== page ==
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Marine Lloris, a French designer based in London, created Manège en Sucre five years ago. After children’s fashion, the entrepreneur launched into the beauty market with a family project: L’Originale Beauty, a company selling natural French cosmetics developed in partnership with her brother, based in Miami. “We always wanted to work together. Our idea was born from a simple observation: the impossibility of finding certain French products in the United States,” she says. “Our goal is to import young brands, which are doing very well in France, and to highlight their creativity.”
The site currently lists six brands, which are available exclusively there: Claret Cosmetics, Oolution, Phytema, Reffect, La Rosée and Umaï. “All were chosen because they were not sold in the United States, but also and above all because they are respectful of health and the environment. We test and verify the compositions, and refuse to promote brands that are not sufficiently eco-responsible,” insists Marine Lloris.
Launched only a few months ago, the project has developed rapidly. “Brands have trusted us with their eyes closed. And we already have many orders from American customers who want to discover French savoir-faire,” notes the young woman, whose ambition is to develop L’Originale Beauty in Canada.
Thérèse Walrath is an American in love with France. “I like to think of myself as French,” she jokes. Her first name, which can sometimes raise doubts, was chosen in honor of her French godmother, Marie-Thérèse. After studying art and a career with Lancôme and Air France (during which she “spent long weekends in France and developed an interest in natural cosmetology, a field in which Europe is far ahead of the United States”), Thérèse Walrath decided to create in New York her own platform for selling European natural cosmetics.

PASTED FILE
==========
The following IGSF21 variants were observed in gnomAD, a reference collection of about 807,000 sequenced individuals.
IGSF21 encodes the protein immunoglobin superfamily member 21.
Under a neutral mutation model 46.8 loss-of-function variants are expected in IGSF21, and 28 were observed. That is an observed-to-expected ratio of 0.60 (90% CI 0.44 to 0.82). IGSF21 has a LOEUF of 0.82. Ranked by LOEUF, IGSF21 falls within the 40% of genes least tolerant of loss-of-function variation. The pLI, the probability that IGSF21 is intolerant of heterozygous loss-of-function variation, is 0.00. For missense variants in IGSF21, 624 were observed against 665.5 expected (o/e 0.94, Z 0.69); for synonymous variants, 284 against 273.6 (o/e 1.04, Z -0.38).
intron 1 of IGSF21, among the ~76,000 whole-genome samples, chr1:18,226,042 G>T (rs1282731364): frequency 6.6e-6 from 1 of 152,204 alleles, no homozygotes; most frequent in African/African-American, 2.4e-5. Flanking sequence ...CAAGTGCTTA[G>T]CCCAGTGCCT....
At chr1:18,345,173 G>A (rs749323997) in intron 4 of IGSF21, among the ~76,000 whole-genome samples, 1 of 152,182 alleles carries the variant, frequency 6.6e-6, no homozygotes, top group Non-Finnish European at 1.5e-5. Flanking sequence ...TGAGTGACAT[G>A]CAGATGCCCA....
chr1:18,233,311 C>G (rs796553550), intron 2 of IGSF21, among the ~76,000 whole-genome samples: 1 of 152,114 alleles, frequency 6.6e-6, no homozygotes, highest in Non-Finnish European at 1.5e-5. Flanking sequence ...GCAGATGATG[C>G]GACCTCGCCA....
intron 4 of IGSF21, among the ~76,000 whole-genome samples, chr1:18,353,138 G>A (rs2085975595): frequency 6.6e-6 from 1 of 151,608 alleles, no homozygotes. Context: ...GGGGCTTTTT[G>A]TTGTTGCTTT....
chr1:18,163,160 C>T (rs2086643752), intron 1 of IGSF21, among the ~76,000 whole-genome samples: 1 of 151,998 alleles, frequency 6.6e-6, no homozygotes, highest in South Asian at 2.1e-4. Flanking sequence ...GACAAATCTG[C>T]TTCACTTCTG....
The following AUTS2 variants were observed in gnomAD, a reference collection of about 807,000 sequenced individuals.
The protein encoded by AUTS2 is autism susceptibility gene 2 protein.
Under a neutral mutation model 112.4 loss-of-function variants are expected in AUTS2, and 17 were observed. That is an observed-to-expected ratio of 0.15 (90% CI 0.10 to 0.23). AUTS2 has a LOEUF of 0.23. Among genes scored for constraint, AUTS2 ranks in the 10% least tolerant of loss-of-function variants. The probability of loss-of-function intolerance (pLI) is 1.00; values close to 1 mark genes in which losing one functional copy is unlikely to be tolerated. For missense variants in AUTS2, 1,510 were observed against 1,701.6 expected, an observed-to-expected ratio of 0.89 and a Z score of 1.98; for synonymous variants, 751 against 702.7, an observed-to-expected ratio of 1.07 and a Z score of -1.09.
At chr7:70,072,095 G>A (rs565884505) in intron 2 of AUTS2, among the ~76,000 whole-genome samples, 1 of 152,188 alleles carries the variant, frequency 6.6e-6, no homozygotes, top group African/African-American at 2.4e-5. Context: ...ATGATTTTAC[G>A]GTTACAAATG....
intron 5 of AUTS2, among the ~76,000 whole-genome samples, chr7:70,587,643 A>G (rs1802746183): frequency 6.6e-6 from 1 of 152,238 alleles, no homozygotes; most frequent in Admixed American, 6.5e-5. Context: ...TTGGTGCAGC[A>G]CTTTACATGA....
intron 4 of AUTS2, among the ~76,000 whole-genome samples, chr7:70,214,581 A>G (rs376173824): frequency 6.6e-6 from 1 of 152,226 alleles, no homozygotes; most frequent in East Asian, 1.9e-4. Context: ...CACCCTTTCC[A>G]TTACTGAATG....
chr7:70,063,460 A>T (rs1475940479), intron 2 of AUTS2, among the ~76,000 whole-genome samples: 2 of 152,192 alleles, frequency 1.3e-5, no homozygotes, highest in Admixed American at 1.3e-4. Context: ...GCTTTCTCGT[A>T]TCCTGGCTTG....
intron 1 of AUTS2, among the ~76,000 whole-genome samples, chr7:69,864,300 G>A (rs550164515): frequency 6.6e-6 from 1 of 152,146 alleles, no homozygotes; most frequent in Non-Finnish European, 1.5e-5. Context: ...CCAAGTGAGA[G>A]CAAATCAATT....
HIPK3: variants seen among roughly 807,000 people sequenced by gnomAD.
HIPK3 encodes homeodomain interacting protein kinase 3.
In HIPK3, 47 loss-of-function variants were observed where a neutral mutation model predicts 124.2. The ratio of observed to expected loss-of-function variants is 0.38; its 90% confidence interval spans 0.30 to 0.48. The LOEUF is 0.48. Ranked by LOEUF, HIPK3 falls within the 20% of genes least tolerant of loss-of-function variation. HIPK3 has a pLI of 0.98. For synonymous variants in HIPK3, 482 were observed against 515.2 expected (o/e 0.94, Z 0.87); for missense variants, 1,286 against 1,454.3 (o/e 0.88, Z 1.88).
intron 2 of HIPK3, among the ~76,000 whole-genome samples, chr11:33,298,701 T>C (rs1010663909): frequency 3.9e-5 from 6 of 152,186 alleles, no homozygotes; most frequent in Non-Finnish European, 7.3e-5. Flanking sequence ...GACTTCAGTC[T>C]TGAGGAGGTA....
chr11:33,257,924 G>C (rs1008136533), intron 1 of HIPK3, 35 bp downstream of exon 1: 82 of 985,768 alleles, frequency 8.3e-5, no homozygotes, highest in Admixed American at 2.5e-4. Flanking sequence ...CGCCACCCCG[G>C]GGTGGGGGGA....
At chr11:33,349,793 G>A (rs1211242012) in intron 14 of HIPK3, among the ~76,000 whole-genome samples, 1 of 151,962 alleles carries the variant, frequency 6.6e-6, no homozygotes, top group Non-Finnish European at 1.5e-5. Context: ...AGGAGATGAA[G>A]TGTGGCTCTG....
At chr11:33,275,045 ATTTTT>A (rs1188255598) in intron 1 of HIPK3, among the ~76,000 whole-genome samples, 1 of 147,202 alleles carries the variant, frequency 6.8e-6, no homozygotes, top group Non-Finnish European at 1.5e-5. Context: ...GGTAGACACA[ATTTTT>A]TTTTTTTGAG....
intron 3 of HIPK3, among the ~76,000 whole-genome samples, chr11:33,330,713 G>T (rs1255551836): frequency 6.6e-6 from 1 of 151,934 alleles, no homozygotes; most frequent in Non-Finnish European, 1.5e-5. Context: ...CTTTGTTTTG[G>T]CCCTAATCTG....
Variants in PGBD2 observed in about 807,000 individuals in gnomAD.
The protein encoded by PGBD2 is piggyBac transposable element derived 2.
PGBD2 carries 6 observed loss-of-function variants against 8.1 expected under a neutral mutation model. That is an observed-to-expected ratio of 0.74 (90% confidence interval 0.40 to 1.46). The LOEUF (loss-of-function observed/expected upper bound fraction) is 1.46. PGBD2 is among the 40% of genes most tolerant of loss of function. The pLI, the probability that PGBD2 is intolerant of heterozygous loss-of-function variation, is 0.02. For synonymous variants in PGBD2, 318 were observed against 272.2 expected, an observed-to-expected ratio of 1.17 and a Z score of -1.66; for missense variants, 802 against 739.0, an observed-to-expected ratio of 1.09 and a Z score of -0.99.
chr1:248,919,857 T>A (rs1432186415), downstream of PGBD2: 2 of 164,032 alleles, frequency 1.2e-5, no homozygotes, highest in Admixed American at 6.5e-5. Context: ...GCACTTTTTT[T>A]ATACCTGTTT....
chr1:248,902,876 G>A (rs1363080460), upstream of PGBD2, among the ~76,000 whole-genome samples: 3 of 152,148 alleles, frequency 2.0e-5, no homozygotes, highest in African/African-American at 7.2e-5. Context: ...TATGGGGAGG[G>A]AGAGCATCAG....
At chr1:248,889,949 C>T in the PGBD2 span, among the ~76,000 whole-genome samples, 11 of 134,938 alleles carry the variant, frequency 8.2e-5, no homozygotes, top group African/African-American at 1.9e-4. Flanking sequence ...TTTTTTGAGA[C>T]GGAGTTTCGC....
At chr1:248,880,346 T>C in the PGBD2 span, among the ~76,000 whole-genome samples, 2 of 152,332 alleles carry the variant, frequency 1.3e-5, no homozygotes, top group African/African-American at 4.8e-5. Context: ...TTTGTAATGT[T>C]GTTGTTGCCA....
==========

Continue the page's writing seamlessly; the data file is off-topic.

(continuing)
Arise Swiss Alpine, the first brand she offered for distribution nine years ago, is of Swiss origin. “Two years ago, I added five French brands to my line and changed the name of my company from Snow Flower Luxe to Snow Flower Chic,” she says. Her catalog now includes products from Ernest Ernest, EQ, La Fare 1789 en Provence, Les Artistes de Nature and OPPIDUM, “delivered in the United States and Canada in a fabric bag offered for every $50 purchase, and handmade by an artist from Toulouse.” She hopes to eventually collaborate with ten or twelve brands in total.
Thérèse Walrath grew up in the world of the family business: “My father, who imported industrial supplies from Germany, was very selective and always made customer service his priority. I admire the passion of small entrepreneurs and the prestige associated with the products they sell or develop. ” She continues: “Working with committed brands – such as Les Artistes de Nature, which designs organic skincare products based on wild plants; or OPPIDUM, which uses ancestral methods of soapmaking and perfumery – is a real pleasure.” She is working on launching a pop-up store in Manhattan or the Hamptons.